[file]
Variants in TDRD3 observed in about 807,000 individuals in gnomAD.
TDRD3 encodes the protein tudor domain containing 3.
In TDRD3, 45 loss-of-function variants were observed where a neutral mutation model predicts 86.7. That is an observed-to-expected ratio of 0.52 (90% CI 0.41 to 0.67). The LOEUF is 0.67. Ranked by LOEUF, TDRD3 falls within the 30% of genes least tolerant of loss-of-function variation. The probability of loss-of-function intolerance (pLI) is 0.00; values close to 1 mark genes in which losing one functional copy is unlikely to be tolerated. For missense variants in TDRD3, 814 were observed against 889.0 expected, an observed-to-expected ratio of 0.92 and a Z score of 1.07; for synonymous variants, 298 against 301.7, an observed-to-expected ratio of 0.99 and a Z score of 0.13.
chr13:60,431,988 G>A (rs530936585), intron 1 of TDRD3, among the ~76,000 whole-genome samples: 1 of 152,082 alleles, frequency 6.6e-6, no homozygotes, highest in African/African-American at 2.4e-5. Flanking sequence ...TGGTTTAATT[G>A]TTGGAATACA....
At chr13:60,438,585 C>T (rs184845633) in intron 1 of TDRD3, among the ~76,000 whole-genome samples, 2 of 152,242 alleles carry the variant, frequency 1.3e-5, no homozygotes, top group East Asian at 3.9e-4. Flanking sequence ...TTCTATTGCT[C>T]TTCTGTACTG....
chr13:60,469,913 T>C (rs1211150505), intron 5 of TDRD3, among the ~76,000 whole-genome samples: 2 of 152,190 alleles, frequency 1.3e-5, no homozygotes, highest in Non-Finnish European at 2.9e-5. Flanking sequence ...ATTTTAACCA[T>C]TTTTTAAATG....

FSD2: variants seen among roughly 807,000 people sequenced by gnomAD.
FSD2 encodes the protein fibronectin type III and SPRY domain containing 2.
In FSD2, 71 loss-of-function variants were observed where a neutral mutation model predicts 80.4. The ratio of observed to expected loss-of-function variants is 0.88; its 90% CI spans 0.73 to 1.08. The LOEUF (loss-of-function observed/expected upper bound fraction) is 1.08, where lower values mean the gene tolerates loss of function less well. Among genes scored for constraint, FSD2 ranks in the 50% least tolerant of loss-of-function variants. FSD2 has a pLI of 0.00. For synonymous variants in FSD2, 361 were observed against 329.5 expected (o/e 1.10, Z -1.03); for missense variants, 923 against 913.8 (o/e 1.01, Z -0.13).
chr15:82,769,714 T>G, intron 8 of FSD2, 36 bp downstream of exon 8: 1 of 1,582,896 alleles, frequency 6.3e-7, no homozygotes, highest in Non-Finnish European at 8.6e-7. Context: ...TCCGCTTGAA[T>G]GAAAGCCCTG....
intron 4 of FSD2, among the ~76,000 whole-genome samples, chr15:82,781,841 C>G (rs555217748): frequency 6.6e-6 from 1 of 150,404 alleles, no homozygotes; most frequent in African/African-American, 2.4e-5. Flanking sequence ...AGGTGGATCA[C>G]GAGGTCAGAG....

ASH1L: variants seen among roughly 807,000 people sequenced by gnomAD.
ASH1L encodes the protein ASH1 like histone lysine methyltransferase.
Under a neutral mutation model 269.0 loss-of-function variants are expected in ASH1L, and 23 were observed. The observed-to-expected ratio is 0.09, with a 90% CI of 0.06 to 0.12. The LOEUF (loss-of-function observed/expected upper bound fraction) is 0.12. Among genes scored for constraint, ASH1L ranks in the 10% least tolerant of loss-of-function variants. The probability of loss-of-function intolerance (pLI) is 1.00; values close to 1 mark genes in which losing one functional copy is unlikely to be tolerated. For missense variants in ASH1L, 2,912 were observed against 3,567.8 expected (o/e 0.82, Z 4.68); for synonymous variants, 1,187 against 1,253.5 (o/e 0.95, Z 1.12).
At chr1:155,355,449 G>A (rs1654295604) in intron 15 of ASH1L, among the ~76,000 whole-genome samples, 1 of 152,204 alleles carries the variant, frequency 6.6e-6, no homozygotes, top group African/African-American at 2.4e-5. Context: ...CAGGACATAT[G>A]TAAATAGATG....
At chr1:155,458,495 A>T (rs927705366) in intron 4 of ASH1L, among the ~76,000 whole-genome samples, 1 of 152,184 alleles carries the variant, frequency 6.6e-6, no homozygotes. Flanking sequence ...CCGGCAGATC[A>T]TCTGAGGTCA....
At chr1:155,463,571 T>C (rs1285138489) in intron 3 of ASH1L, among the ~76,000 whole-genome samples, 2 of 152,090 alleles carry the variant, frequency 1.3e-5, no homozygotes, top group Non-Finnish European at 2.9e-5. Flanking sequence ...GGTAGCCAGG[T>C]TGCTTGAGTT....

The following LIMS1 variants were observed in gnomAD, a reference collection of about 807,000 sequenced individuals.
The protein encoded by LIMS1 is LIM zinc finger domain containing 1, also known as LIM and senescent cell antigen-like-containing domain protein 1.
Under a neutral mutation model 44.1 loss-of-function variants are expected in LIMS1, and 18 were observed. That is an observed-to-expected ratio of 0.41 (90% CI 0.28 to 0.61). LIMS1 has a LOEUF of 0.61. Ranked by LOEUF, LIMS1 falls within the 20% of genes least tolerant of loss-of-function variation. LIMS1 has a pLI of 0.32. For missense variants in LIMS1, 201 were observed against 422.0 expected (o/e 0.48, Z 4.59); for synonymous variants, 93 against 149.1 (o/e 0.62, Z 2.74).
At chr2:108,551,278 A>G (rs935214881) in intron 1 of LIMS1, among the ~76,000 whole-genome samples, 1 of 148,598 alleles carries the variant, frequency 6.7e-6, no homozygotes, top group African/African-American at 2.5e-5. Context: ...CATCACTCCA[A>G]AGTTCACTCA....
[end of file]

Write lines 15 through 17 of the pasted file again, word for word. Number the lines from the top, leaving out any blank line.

At chr1:155,355,449 G>A (rs1654295604) in intron 15 of ASH1L, among the ~76,000 whole-genome samples, 1 of 152,204 alleles carries the variant, frequency 6.6e-6, no homozygotes, top group African/African-American at 2.4e-5. Context: ...CAGGACATAT[G>A]TAAATAGATG....
At chr1:155,458,495 A>T (rs927705366) in intron 4 of ASH1L, among the ~76,000 whole-genome samples, 1 of 152,184 alleles carries the variant, frequency 6.6e-6, no homozygotes. Flanking sequence ...CCGGCAGATC[A>T]TCTGAGGTCA....
At chr1:155,463,571 T>C (rs1285138489) in intron 3 of ASH1L, among the ~76,000 whole-genome samples, 2 of 152,090 alleles carry the variant, frequency 1.3e-5, no homozygotes, top group Non-Finnish European at 2.9e-5. Flanking sequence ...GGTAGCCAGG[T>C]TGCTTGAGTT....